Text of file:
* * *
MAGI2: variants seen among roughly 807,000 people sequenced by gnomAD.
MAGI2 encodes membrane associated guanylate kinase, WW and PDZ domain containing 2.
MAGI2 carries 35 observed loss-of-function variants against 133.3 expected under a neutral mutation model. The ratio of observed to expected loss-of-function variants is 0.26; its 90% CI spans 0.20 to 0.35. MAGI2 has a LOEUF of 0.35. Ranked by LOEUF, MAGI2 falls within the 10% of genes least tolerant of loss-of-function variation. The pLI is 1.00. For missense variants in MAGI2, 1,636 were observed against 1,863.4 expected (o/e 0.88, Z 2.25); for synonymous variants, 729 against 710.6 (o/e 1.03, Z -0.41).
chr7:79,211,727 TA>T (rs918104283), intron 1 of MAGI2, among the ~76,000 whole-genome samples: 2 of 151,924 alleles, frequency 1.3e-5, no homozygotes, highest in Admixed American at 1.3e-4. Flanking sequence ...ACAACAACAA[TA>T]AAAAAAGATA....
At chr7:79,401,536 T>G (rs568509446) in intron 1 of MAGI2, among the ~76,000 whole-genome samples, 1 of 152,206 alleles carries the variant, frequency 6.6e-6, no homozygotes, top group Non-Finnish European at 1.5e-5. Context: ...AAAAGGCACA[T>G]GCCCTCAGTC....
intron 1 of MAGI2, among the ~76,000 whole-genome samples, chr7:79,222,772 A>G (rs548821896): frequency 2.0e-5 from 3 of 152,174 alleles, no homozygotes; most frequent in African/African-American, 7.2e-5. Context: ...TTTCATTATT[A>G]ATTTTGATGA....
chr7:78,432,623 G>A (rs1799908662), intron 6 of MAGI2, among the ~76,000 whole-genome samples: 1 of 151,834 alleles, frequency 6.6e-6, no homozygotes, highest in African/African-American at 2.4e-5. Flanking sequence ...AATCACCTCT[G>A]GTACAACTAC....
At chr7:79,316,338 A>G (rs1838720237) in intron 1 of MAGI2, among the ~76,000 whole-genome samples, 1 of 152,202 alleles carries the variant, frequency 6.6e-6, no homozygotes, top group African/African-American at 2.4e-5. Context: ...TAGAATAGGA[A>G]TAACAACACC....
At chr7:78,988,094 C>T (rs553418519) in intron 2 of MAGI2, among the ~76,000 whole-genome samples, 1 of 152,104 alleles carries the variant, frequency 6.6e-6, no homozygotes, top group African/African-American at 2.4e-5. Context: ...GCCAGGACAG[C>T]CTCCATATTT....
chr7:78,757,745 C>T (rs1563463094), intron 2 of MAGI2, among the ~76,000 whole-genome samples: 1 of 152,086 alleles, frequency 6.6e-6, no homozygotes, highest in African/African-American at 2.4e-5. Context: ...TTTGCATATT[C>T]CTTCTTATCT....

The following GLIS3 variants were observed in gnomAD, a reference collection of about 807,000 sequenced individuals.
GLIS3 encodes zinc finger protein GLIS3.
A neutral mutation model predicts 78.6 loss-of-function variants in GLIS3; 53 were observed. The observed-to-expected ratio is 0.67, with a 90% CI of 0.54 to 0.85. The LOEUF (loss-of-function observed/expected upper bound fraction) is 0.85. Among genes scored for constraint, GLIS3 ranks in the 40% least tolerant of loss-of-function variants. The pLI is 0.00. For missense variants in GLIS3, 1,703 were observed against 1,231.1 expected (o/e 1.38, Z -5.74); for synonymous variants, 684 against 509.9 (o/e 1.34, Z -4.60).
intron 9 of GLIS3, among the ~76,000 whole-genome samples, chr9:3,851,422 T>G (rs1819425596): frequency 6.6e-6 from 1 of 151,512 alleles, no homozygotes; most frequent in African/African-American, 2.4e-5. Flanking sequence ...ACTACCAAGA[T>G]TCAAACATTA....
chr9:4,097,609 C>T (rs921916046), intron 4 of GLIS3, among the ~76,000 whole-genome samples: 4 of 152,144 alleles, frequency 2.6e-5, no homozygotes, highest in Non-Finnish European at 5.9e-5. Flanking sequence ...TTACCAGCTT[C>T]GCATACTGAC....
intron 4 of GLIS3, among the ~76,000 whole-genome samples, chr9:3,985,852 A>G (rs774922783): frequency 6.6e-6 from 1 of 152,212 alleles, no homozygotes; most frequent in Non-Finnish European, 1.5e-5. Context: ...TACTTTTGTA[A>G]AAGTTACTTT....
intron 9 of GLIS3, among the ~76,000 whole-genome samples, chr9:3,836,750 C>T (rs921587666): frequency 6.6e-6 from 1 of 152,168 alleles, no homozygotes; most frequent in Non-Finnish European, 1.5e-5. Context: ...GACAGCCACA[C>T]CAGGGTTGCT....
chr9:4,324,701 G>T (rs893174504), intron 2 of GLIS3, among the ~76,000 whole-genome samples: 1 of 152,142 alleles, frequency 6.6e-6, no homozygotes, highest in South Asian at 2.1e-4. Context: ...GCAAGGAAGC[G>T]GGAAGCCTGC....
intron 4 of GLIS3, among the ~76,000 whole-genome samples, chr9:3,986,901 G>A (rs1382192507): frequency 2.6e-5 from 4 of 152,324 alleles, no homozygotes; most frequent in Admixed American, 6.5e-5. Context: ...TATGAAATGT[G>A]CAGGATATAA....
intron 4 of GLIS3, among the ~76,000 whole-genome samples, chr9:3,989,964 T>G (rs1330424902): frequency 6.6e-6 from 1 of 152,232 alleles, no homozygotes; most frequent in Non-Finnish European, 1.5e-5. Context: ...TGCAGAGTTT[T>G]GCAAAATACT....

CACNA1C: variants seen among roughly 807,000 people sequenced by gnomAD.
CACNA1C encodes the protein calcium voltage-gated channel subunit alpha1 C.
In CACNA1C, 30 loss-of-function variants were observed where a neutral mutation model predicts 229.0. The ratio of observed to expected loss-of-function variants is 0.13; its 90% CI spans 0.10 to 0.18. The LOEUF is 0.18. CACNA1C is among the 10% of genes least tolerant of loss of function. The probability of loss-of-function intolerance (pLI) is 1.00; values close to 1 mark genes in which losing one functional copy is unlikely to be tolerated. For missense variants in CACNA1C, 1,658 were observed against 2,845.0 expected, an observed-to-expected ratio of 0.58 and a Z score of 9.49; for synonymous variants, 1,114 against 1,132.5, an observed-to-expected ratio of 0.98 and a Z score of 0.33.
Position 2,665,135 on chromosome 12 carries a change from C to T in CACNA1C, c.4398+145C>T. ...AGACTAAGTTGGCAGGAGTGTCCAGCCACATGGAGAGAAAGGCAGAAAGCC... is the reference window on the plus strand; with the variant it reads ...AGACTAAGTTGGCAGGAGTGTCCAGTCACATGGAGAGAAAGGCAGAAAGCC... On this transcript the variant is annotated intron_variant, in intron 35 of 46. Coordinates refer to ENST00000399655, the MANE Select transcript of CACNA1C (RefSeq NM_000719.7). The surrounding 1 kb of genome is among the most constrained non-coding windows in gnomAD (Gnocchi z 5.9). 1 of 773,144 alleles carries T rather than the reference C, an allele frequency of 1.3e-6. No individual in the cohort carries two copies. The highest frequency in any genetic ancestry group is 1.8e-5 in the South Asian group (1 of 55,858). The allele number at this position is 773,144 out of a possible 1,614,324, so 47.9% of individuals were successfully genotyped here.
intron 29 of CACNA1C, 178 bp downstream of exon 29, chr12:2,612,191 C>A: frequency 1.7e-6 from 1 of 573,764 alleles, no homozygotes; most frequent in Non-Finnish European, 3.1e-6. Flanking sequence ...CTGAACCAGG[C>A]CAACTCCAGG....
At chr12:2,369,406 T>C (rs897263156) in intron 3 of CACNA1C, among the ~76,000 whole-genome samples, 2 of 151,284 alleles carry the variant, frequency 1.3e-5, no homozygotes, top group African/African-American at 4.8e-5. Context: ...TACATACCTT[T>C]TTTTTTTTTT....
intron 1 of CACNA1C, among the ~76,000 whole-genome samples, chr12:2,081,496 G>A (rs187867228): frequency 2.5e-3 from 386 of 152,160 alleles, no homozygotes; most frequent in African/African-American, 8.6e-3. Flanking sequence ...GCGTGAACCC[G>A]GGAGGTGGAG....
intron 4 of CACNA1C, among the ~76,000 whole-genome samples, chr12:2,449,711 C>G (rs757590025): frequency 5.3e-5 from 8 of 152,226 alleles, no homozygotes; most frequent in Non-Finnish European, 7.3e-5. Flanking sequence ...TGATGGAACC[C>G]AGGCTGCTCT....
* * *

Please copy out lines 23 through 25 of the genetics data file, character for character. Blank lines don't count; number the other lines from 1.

In CACNA1C, 30 loss-of-function variants were observed where a neutral mutation model predicts 229.0. The ratio of observed to expected loss-of-function variants is 0.13; its 90% CI spans 0.10 to 0.18. The LOEUF is 0.18. CACNA1C is among the 10% of genes least tolerant of loss of function. The probability of loss-of-function intolerance (pLI) is 1.00; values close to 1 mark genes in which losing one functional copy is unlikely to be tolerated. For missense variants in CACNA1C, 1,658 were observed against 2,845.0 expected, an observed-to-expected ratio of 0.58 and a Z score of 9.49; for synonymous variants, 1,114 against 1,132.5, an observed-to-expected ratio of 0.98 and a Z score of 0.33.
Position 2,665,135 on chromosome 12 carries a change from C to T in CACNA1C, c.4398+145C>T. ...AGACTAAGTTGGCAGGAGTGTCCAGCCACATGGAGAGAAAGGCAGAAAGCC... is the reference window on the plus strand; with the variant it reads ...AGACTAAGTTGGCAGGAGTGTCCAGTCACATGGAGAGAAAGGCAGAAAGCC... On this transcript the variant is annotated intron_variant, in intron 35 of 46. Coordinates refer to ENST00000399655, the MANE Select transcript of CACNA1C (RefSeq NM_000719.7). The surrounding 1 kb of genome is among the most constrained non-coding windows in gnomAD (Gnocchi z 5.9). 1 of 773,144 alleles carries T rather than the reference C, an allele frequency of 1.3e-6. No individual in the cohort carries two copies. The highest frequency in any genetic ancestry group is 1.8e-5 in the South Asian group (1 of 55,858). The allele number at this position is 773,144 out of a possible 1,614,324, so 47.9% of individuals were successfully genotyped here.
intron 29 of CACNA1C, 178 bp downstream of exon 29, chr12:2,612,191 C>A: frequency 1.7e-6 from 1 of 573,764 alleles, no homozygotes; most frequent in Non-Finnish European, 3.1e-6. Flanking sequence ...CTGAACCAGG[C>A]CAACTCCAGG....